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Welcome back readers! Today I want to talk to you about a few the reasons why I still like to teach DAX in EXCEL. A HUGE part of our jobs here at PowerPivotPro is teaching analysts & data junkies throughout the world how to use the best features of Excel and Power BI. Teaching is in our blood, we love doing it, and frankly we’re great at it (I definitely know this is last part is true because even my mom told me).

We teach a wide variety of classes here at PowerPivot Pro, including:

The training we MOST often give is our two day foundations course. Covering a broad stroke of the important topics like Data Models, DAX, and Power Query. Now you might think these topics could be taught just as easily in EITHER Excel or Power BI right?? Sadly…no. There are some key features and functionality that the Excel environment possesses that makes it a FANTASTIC learning environment for people unfamiliar with data modeling. Even for clients that request only Power BI training, we STILL RECOMMEND Excel for learning the fundamentals on Day One.

A common question I often get from students is why we don’t do the entire class in Power BI? I usually outline this at the beginning of each class, but an idea popped into my head the other day. Why not write a blog post about these reasons, and save myself valuable class time I could now give BACK to actual learning! So here I am today writing this post so all my students (and my readers!) can get a clearer picture as to why we teach in Excel. Smile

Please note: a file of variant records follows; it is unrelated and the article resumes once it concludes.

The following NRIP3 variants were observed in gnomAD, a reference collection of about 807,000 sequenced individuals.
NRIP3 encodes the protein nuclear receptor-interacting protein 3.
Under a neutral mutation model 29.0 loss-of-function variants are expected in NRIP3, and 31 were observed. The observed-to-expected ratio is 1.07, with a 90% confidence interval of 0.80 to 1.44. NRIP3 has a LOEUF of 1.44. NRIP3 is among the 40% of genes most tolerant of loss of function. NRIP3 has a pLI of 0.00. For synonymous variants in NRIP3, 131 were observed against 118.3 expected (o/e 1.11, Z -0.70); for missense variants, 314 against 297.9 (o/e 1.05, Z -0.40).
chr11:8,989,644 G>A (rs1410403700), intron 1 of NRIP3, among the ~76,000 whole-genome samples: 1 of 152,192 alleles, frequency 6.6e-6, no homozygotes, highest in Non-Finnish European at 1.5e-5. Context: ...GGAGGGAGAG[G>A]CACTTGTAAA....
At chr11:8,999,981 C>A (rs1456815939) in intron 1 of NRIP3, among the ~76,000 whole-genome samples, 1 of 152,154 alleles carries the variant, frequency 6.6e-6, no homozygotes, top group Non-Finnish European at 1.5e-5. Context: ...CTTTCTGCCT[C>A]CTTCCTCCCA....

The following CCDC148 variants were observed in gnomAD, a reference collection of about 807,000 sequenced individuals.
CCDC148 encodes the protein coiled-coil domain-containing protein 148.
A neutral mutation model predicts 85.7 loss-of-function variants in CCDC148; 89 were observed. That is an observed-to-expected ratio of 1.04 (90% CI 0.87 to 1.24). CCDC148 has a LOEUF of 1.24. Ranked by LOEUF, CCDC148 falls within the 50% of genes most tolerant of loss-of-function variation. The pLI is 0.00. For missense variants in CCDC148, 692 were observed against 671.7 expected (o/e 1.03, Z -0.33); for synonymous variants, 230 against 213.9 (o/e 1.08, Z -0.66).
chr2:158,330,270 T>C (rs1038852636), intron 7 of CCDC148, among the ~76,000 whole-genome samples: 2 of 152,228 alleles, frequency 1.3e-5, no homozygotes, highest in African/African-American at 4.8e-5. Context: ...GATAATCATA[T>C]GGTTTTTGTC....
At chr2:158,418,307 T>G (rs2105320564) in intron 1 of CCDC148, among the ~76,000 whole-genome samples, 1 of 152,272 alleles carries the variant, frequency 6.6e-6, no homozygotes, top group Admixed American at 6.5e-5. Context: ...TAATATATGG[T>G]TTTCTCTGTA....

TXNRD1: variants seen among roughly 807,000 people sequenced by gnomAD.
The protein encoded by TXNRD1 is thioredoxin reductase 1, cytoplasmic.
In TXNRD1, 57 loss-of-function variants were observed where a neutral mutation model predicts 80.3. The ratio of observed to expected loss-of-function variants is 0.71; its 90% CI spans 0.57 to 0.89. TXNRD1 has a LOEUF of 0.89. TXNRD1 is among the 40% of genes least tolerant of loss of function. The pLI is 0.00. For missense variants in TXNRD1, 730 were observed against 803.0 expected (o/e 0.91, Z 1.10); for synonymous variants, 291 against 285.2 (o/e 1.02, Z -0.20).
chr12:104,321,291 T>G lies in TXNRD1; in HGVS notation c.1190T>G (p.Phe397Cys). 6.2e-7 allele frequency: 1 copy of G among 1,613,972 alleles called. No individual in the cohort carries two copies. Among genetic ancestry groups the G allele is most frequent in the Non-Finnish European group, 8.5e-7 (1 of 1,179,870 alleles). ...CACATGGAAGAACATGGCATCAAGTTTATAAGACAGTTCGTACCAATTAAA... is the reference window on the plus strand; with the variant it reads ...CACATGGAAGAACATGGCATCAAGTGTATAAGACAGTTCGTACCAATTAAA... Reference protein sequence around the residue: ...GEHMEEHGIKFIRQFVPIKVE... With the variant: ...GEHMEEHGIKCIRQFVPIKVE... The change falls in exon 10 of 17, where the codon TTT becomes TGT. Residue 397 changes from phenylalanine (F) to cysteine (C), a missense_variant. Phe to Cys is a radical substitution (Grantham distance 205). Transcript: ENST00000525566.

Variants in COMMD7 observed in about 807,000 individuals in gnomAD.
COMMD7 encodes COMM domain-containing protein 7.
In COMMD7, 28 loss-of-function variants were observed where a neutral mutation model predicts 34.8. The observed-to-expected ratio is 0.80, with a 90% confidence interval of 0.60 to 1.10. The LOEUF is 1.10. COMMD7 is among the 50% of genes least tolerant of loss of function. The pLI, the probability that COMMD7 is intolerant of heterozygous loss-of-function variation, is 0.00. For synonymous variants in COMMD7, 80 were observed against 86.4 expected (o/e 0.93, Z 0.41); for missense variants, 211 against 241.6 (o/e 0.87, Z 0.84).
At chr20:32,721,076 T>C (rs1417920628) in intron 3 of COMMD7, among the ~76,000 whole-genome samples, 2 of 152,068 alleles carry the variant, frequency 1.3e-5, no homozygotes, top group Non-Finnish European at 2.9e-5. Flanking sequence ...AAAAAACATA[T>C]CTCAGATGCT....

Two Steps Forward, One Step Back (In Features)

Before I start airing out my dirty laundry, I want to start this post by saying I LOVE POWER BI! It’s my favorite reporting tool today, and every months’ release update excites me like a kid in a candy store. Power BI really is a great tool, and it gets better and better every month. Unfortunately it’s just painful to teach in… Now…with that being said I’d like keep things short and sweet, so I’ll boil down my grievances to just my two primary features lacking in Power BI Vs. Excel.

Feature #1: Data Model Filtering

I cannot emphasize enough how important and vital this feature is to us as BI Consultants, and ESPECIALLY as trainers! Excel has had Data Model table filtering since DAY ONE back in Excel 2010 when PowerPivot was first released. However, since it’s inception there has never been an equivalent option in Power BI Desktop. Let’s take a look below and see exactly what I’m referring to between the two products.

Excel Data Model table filtering on Order Date

Excel Data Model Table Filtering

It’s beautiful isn’t it, like looking at a sunset… What, you don’t see a sunset? Maybe it’s just me then. Either way this feature is AWESOME to have in Excel. When you’re building out a model and importing data, it’s essential to be able to quickly look at the tables and filter down to relevant data. More importantly, when you’re writing DAX measures and it doesn’t work (which WILL happen), it’s MUCH easier to come into the data model and reproduce the filters that your DAX calculation is applying, as opposed to creating a pivot table to see the data.